The listeners don’t want to wait months before going to buy a record (we got used to that as well) and it’s much more efficient to do a 2 weeks promo campaign before a record gets released and work on the promotion 3 weeks after it’s getting released and use more of the online tools to show the EP’s or single.

Do you feel music promotion tools should be entirely free, making it an equal opportunity for all artists?

No, I don’t think it should be entirely free, but it’s good that some tools are free to ensure any musician can show their music, it’s very convenient for those who are looking for label, we do receive a lot of links from young producers and it makes it all easy for us.

You started putting out music over 10 years ago. Was it easier or more difficult to get exposure back then?

It’s much easier to get exposed to the entire world nowadays, but it also has its limits. 10 years ago a record would work almost from itself if it was a great record, I’m talking about electronic music here, just because indie retailers would order directly from the distributor the quantities they thought their clients would buy, those people knew their clients really well, but that was back then.

Today you get exposed, but you still need good promotion, there is so much more producers out there on the market that without any promotion, you won’t get through.

One thing that was very prevalent for independent music in the early 2000s was vinyl. 10 years later, it seems that there is still a market for it, whether it’s lovers of the vinyl sound, fetishists/collectors, djs, or nostalgic music fans – do you see vinyl surviving the times?

Yes, but with very little quantities. Today a vinyl pressing sells maximum 500 units worldwide, it’s of course totally ridiculous if we compare this to only 7-10 years ago. We sold over 20’000 vinyls back in the days, like “Discopolis” for example. Those days are definitely over, and it’s nothing compared to the selling number from the end of the 90′s, like Alan Braxe & Fred Falke’s “Intro” which sold 100’000 vinyl copies.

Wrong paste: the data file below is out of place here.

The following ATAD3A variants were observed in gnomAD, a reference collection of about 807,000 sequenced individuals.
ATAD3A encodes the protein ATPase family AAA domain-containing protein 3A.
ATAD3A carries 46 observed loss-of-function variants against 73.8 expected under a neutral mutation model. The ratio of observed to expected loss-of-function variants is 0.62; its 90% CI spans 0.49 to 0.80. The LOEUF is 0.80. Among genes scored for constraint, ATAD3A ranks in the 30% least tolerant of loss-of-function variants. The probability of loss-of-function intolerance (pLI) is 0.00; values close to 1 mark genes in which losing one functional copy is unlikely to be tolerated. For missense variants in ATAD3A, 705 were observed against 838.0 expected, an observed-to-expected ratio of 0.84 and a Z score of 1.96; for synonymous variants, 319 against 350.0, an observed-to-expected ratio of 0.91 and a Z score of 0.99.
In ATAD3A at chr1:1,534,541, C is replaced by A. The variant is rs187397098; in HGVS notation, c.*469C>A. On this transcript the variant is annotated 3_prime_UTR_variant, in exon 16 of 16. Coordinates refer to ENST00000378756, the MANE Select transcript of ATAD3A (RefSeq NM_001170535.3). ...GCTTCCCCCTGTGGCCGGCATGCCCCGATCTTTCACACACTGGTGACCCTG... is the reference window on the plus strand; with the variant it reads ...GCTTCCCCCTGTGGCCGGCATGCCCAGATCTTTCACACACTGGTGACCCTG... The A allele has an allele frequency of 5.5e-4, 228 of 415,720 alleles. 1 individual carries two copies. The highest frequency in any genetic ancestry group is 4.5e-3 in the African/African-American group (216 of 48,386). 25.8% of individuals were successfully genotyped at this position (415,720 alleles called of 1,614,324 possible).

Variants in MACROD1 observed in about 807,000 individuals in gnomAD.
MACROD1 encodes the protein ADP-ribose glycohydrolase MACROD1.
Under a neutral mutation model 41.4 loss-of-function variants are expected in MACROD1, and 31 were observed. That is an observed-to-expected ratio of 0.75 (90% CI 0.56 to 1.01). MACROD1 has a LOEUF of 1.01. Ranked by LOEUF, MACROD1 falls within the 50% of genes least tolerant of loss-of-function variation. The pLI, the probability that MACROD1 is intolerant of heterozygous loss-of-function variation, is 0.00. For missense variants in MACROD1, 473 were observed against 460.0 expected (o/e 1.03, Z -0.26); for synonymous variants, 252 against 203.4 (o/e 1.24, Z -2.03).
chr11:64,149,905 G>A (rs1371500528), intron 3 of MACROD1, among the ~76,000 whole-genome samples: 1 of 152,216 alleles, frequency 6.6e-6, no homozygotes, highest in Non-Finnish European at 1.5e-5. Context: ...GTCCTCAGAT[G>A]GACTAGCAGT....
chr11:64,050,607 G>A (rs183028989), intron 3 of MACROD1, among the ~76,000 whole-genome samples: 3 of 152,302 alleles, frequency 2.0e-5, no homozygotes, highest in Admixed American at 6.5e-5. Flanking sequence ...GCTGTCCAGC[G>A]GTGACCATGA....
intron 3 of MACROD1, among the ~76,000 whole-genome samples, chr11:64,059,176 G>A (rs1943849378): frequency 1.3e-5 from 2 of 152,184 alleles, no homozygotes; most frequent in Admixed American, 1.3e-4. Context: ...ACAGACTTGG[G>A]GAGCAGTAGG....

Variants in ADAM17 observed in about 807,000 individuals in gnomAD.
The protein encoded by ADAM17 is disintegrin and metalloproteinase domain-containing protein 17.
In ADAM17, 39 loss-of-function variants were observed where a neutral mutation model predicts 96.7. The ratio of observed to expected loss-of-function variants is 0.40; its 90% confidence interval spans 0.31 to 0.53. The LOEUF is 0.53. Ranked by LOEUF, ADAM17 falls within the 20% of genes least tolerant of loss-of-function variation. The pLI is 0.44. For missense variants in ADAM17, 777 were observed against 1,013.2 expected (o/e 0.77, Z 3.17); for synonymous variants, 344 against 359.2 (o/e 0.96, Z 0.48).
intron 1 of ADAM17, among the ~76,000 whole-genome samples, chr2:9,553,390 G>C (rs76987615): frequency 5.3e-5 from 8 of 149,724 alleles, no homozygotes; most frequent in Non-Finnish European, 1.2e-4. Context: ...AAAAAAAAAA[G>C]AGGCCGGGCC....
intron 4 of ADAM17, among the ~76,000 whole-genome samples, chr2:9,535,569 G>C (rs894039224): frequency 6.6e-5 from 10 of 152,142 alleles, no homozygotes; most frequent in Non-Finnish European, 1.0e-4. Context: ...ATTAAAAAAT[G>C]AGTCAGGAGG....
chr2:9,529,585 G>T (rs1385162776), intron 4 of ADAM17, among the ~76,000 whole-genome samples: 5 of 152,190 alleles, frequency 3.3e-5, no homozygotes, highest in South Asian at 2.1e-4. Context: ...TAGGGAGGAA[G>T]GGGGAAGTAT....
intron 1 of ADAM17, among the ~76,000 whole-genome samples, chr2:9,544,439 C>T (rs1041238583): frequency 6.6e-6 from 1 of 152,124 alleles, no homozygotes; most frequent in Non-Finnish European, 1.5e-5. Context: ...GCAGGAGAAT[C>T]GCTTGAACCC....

What’s next for Lifelike?

I’m finalizing an album with Universal at the moment. I have been collaborating with A-Trak, Chromeo, Electric Youth (“Drive” motion picture soundtrack), Yota, Fred Falke, Oliver on this album, and we will soon announce the first single release. It’s my first album, I only released singles or remixes so far, so it’s very exciting times.

Check out Lifelike’s Official Page

Interview: Tamara Sky

February 3rd, 2012 | Posted in interviews

Artist, dj, model, and badass Playboy bunny (among many other things), Tamara Sky is quite the multi-tasking phenomenon. The temptress/musician from Los Angeles by way of Miami and Puerto Rico has indeed a vast array of skills and one of them happens to be mastering the use of tools. There was no way we could resist calling her for a little interview. tools, social media, vinyls, wild parties, zombies, and horror movies, she covers it all…and more. You know what they say: sky’s the limit!

Super dj, model, brand, temptress – who are you Tamara Sky?

I’m a vampire robot with amazing ninja powers who is also a zombie with flesh eating sex-demon alter ego from the Planet of Terror. >:)

Puerto Rico, Miami, Los Angeles, world tours and international rendez-vous, you’re kind of a big deal. What’s a typical day in your magical life?